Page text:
PREVAIL VI: Identification of Host Genetic Factors Underlying Ebola Virus Disease Risk, Mortality, Long-term Sequelae, Viral RNA Persistence, Humoral Immunity, and Ebola Vaccine Response
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|ClinicalTrials.gov Identifier: NCT03098862|
Recruitment Status : Recruiting
First Posted : April 4, 2017
Last Update Posted : March 8, 2019
Genes are instructions that tell the body how to work and grow. They can affect how the body responds to infection. Researchers want to learn more about genes that affect how the body responds to the Ebola virus. Some people with Ebola get very sick and die. Others do not. The research may lead to better treatments for Ebola virus and other germs.
To look for genes that may be related to a person s chance of getting very sick after coming in contact with the Ebola virus.
People at least 3 years of age who either:
Had close contact with someone who had Ebola
Were in an Ebola vaccine study
Participants will have a small amount of blood taken from an arm vein by a needle.
Researchers will collect participants data from other vaccine studies they may have been in.
Participants may be asked questions about their health and social history.
Some participants will have their blood tested for the infection syphilis and HIV, the virus that causes AIDS. Participants will be told the results and will get help finding care, if necessary.
Some participants will have their blood sample tested to see if they have had Ebola in the past.
Blood samples will be stored for future research. They will be marked with a code but not with participants names.
|Condition or disease|
|Ebola Virus Disease|
The 2013-2015 Ebola Virus outbreak in Western Africa was unprecedented in size and geographic scope. There were over 28,000 cases and 11,000 deaths. During and following the outbreak, it became evident that spectrum of disease being observed in the communities and the Ebola treatment units was much broader than previously thought. In this study, we aim to identify host genetic factors that underlie the observed variation in disease susceptibility, severity, clinical sequelae, viral persistence, and serological response. We will enroll EVD survivors, close contacts of survivors, EVD healthcare workers, and individuals who have received investigational Ebola vaccines (population controls), and collect a blood sample, HIV/syphilis infection status, demographics, and medical history from participants.
Most subjects will complete study participation after a single study visit; subjects having Ebola serology and/or HIV/syphilis testing done as part of this study will return for one or two follow-up visits to receive their HIV/syphilis test results and post-test counseling and Ebola serology results. We will genotype participants and compare results between cohorts to address the study aims. This may provide insight into pathogenesis and host immunity and potentially suggest new methods of intervention.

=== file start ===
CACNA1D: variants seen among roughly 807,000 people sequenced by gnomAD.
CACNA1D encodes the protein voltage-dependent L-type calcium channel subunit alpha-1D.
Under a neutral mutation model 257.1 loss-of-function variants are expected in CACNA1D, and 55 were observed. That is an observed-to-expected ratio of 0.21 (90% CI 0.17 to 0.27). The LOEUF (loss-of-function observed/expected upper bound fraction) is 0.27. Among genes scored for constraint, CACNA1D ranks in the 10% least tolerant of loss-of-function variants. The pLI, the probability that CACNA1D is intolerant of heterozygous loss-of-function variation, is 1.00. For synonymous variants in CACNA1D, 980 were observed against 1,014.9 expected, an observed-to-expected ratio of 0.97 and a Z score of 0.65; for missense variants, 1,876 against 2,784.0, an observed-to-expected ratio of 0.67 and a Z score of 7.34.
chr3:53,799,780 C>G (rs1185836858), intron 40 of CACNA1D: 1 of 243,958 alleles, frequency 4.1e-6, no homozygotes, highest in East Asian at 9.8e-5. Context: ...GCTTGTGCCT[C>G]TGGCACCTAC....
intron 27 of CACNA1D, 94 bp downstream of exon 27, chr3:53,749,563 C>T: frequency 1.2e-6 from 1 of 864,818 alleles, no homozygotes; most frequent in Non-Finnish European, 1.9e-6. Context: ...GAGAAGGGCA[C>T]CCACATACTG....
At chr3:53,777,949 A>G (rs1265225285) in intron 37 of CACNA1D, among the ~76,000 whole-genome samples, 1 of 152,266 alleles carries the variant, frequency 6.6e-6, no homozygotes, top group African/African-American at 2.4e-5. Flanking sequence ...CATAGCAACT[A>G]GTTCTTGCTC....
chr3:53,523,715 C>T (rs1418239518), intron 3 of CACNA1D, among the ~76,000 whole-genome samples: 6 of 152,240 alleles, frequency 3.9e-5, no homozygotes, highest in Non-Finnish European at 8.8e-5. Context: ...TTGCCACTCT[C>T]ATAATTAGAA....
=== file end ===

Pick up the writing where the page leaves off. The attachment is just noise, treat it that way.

|Study Type :||Observational|
|Estimated Enrollment :||9000 participants|
|Official Title:||PREVAIL VI: Identification of Host Genetic Factors Underlying Ebola Virus Disease Risk, Mortality, Long-term Sequelae, Viral RNA Persistence, Humoral Immunity, and Ebola Vaccine Response|
|Actual Study Start Date :||September 4, 2017|
|Estimated Primary Completion Date :||April 30, 2021|
|Estimated Study Completion Date :||April 30, 2022|
close contacts of survivors
EVD healthcare workers
individuals who have received investigational Ebola vaccines (population controls)
- Identify genetic variation associated with risk of contracting clinical Ebola Virus Disease when directly exposed to the Ebola virus [ Time Frame: At Enrollment ]
- Identify genetic variation associated with mortality from Ebola VirusDisease [ Time Frame: At Enrollment ]
- Identify genetic variation associated with post recovery Ebola viral RNA persistence in bodily fluids [ Time Frame: At Enrollment ]
- Identify genetic variation associated with the presence of uveitis among EVD survivors identified in PREVAIL III [ Time Frame: At Enrollment ]
- Identify genetic variation associated with the magnitude and duration of anti-EBOV IgG titer in both EVD cases and vaccine recipients enrolled in PREVAIL I or PREVAC/PREVAIL V trials [ Time Frame: At Enrollment ]
To learn more about this study, you or your doctor may contact the study research staff using the contact information provided by the sponsor.
Please refer to this study by its ClinicalTrials.gov identifier (NCT number): NCT03098862
|Contact: Lisa Hensley, Ph.D.||(301) email@example.com|
|PREVAIL JFK Medical Center||Recruiting|
|Contact: Mosoka Fallah, PhD Not Listed firstname.lastname@example.org|
|Principal Investigator:||Lisa Hensley, Ph.D.||National Institute of Allergy and Infectious Diseases (NIAID)|